The Homeschool Buzz: Unschool (and Other Alternatives) is the New Cool


As of last year, over 5 million American K-12 students are homeschooled. With the homeschool community’s population greater than that of the entire city of Los Angeles, we can see plainly that parents taking their children’s education into their own hands is a growing trend.

But is being a parental-figure-turned-teacher simply a fad? And more importantly, is it sustainable and feasible? Being able to sacrifice one of a household’s full-time incomes in exchange for homeschooling is not a privilege that every family shares. And even if you can make it work, do you necessarily want to? What if an alternative to traditional classrooms exists that is not exactly homeschool, but still school at home?

Why homeschooling is popular?

Let’s start at square one—a few of the biggest reasons why homeschool is increasingly popular—and wrap up with a quick summary of the alternatives to homeschool.

1. Brick-and-mortar classrooms are suiting fewer and fewer lifestyles.

As a parent, you’ve likely seen this with your own eyes. Students nowadays are smart and talented. From academic excellence to athletic all-stars to performing proteges, a child with high ambitions and potential needs to maximize the value of their daylight hours. Being parked in a classroom for 7 hours a day with little to no flexibility doesn’t offer that type of scheduling support.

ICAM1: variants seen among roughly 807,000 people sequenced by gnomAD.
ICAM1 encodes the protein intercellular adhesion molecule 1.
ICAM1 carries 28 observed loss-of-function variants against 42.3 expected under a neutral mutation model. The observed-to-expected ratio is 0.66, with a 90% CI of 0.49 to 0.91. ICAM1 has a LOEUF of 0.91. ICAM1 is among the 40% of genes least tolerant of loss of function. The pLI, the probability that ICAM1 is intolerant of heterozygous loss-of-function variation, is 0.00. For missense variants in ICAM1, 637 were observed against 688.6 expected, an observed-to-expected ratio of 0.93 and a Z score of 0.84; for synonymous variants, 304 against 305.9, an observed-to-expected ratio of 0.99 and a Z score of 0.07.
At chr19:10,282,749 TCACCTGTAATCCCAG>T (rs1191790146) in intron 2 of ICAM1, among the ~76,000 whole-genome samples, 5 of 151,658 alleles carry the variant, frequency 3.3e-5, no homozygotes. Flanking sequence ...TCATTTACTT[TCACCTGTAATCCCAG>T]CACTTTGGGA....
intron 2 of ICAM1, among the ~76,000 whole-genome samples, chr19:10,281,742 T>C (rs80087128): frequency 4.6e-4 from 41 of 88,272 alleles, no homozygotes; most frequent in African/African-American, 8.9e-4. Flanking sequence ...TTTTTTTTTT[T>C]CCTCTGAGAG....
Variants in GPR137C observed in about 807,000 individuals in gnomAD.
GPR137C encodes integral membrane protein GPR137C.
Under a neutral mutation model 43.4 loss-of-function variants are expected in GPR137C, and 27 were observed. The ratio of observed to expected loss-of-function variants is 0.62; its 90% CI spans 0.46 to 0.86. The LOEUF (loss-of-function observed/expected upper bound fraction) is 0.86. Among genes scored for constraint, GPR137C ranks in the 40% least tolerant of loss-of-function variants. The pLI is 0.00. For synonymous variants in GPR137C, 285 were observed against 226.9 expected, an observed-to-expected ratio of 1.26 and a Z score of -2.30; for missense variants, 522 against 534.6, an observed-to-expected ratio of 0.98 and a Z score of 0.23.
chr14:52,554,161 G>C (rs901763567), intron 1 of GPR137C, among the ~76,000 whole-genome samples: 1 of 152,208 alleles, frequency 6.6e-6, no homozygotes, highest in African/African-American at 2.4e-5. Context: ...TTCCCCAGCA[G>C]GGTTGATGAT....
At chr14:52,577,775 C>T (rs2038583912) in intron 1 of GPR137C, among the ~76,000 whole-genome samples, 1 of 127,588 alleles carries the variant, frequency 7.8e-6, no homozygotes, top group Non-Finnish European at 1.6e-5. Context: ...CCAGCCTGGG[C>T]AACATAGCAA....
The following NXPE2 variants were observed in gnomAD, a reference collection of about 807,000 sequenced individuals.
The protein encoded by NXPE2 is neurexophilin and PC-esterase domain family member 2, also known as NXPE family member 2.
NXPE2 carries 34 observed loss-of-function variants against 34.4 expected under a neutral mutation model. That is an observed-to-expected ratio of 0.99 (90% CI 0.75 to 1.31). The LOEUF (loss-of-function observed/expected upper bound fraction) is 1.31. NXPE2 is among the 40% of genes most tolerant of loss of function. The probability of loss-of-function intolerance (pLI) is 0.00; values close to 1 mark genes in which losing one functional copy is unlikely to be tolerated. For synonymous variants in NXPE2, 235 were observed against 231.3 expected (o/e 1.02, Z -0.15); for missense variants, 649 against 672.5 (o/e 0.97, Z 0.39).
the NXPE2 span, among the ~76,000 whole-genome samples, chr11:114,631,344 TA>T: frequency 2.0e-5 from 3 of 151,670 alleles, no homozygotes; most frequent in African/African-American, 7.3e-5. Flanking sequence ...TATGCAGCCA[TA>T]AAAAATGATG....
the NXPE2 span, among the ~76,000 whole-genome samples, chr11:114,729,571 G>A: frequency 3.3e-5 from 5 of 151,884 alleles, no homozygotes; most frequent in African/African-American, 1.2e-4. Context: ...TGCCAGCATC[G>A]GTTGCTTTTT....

A family may seek out homeschooling, or alternatives to homeschooling, to accommodate the unique circumstances of their schedule, such as frequently traveling out of the country for training or performances. A military family offers another perfect example; relocation due to a parent’s work can make acclimation and adjustment to another new brick-and-mortar school difficult for K-12 students. Your student may even learn to take the liberty provided by out-of-the-classroom schooling into their work and adult lives—just ask Laurel Springs alumna and digital nomad Deya Aliaga Kuhnle how it’s done!

Overall, homeschooling is an alternative to traditional learning that encourages more family time or flexibility to pursue interests outside of the classroom.

2. Societal trends in public schools alarm parents.

Plenty of parents have become concerned with what their children are being taught in the public school system, and this fear is a leading reason for why families are homeschooling. While the regulation and restriction of homeschooling varies from state to state, with some being highly involved in the homeschooling process and others imposing essentially no rules, parents generally gain more control of what their students are being taught if they withdraw them from the public school system and opt for homeschooling.

However, hot-button education trends are not always the reasons that parents may be wary of what’s happening within the four walls of a classroom. Students may experience social and emotional effects of bullying in a public school setting, which impacts their entire academic experience. Parents can also fret over on-campus violence—justifiably so—like school shootings and bomb threats.